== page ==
torsdag 7. mai 2015


The first Saturday of May has been made into Free Comic Book Day in the United States. In Norway, this concept has been baptized Tegneseriens Dag – Comic Day. And while free comics are still part of the concept, various attempts have been made to add to the festivities (such as they are) of the day.

In Bergen, this year’s main attraction of the day was the Icelandiccartoonist and standup comedian Hugleikur Dagsson. In Norway, he’s probably best known for his cartoons in the comic magazine Lunch , although he also had two books published. Iceland has produced a disproportionate number of internationally renowned novelists and pop artists compared to its population. However, the comic milieu on Iceland is rather small, according to Dagsson. Possibly it's just him and a couple of others. He notices a growing interest in the medium, but the commercial distribution of comic books in Iceland is dead. Several comic books were published in Iceland when he grew up, but at some point of time that ended rather quickly. He still loves comics, especially superheroes, and remembers the horribly translated Icelandic Marvel comic books from his childhood with delight.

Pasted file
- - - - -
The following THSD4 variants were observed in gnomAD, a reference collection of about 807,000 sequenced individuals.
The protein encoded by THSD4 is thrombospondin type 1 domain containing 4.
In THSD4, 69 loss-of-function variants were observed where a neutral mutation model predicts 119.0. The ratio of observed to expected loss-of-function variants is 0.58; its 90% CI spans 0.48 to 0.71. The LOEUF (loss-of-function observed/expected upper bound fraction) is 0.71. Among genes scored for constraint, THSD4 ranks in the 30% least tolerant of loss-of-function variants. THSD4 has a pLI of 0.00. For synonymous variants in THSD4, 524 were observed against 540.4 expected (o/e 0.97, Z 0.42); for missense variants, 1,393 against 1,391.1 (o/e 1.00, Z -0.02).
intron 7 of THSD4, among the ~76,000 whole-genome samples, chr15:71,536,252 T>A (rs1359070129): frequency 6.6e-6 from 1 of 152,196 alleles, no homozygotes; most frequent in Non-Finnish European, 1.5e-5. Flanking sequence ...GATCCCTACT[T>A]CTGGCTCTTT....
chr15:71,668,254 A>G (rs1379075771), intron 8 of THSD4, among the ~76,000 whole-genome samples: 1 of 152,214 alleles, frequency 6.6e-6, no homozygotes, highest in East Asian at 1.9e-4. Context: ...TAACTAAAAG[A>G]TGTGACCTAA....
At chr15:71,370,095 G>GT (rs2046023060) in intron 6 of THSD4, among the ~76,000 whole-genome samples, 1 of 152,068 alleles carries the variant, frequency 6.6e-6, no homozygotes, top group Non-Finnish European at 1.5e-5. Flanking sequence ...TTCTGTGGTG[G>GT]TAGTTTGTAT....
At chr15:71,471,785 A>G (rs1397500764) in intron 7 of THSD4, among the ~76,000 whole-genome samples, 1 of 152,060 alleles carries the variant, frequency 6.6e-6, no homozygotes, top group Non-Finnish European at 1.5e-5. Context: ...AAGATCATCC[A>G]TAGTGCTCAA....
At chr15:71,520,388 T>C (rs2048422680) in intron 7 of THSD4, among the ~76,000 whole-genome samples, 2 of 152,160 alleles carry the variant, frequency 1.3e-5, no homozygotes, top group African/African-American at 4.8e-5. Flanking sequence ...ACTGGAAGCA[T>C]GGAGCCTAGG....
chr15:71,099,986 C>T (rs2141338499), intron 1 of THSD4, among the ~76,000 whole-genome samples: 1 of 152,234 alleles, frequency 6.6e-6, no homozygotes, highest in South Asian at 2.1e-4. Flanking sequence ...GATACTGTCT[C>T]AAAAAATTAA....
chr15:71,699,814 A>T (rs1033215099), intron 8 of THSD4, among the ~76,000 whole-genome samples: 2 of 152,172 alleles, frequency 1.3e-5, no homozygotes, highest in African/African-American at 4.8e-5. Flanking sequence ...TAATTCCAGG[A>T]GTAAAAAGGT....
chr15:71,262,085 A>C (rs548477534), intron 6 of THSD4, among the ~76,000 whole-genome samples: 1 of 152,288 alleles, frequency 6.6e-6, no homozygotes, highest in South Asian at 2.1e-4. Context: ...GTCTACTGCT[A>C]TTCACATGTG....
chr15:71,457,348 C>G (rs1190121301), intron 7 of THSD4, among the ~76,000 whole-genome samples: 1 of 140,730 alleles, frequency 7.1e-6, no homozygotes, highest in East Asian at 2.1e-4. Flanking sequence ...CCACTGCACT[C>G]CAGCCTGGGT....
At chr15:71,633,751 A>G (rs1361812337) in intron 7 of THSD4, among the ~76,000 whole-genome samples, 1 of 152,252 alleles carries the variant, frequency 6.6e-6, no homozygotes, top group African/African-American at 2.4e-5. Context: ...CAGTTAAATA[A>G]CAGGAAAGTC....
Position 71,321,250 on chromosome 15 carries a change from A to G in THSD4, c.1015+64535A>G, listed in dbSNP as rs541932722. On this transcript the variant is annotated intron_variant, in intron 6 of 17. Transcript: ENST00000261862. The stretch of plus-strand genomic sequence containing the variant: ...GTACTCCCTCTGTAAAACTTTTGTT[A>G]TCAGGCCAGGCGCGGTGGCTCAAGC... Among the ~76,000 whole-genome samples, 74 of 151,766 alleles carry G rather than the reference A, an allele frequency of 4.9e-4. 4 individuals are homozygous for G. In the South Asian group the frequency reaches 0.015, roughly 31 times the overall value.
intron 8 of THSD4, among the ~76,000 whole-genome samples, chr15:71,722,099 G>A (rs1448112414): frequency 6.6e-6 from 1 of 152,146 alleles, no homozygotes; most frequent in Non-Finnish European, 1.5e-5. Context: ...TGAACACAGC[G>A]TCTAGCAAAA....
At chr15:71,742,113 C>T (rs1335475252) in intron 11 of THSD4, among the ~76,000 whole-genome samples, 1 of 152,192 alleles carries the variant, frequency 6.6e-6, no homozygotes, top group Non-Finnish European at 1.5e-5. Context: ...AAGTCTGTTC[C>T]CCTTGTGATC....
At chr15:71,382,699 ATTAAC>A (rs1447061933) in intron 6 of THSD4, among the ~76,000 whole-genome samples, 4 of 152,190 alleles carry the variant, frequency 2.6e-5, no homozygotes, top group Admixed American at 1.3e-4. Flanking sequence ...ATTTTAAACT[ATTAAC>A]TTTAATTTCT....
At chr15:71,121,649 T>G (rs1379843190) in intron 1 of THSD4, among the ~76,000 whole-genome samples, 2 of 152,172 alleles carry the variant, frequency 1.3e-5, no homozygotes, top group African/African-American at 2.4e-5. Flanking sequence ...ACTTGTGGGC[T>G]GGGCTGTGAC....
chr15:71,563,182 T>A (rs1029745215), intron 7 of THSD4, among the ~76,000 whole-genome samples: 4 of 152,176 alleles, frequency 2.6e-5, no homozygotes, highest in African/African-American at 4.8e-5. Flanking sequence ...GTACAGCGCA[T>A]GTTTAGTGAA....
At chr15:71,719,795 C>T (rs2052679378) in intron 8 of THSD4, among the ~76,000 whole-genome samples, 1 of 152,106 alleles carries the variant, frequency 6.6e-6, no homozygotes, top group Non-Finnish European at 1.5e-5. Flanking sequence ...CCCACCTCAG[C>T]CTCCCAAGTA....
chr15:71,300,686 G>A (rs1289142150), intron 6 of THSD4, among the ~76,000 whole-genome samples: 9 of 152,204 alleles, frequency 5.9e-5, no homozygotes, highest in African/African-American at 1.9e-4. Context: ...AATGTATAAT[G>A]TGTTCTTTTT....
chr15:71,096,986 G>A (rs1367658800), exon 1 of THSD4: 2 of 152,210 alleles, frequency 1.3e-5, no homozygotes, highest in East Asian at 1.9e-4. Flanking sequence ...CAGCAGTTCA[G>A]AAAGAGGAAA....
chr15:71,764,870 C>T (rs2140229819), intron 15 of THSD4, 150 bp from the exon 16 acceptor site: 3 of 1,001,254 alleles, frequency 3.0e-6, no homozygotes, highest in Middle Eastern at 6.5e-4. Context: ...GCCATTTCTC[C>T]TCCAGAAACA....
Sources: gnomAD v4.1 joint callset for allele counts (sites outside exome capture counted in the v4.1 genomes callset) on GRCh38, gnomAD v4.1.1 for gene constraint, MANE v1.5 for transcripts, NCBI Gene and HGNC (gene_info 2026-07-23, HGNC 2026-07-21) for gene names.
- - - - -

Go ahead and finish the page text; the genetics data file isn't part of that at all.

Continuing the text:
Hugleikur Dagsson (from the right) being interviewed by Kristian Hellesund on Comic Day

Dagsson is best known for his stick figure cartoons and his morbid humor. It’s so dark that it’s gained a certain notoriety. - The drawings are therapy for me, my way of coping with the evils of the world, he explains. - If we could not laugh at the things that scares us and confuses us, we'd gone insane. In his world, there are few taboos, but Dagsson admits that also he is afraid to draw the prophet Muhammad. Besides, he knows too little about Islam.

If the only honest people in the world are children and drunks, then surely Hugeleikur Dagsson is a drunk child? I'm a very, very drunk child, Dagsson responds - A child with a hangover. His books have been published in twenty countries, but often only once per country (in Norway, two of his books were published, back in 2007 and 2009 respectively). Perhaps his humor is regarded as just a little bit too harsh in many countries? But there are exceptions; Finns love him. He was in Helsinki as recently as the weekend before Comic Day. They really seem to appreciate his special humor. - In Finland, my books are maybe not regarded as joke books, but rather as fact books, he laughs.

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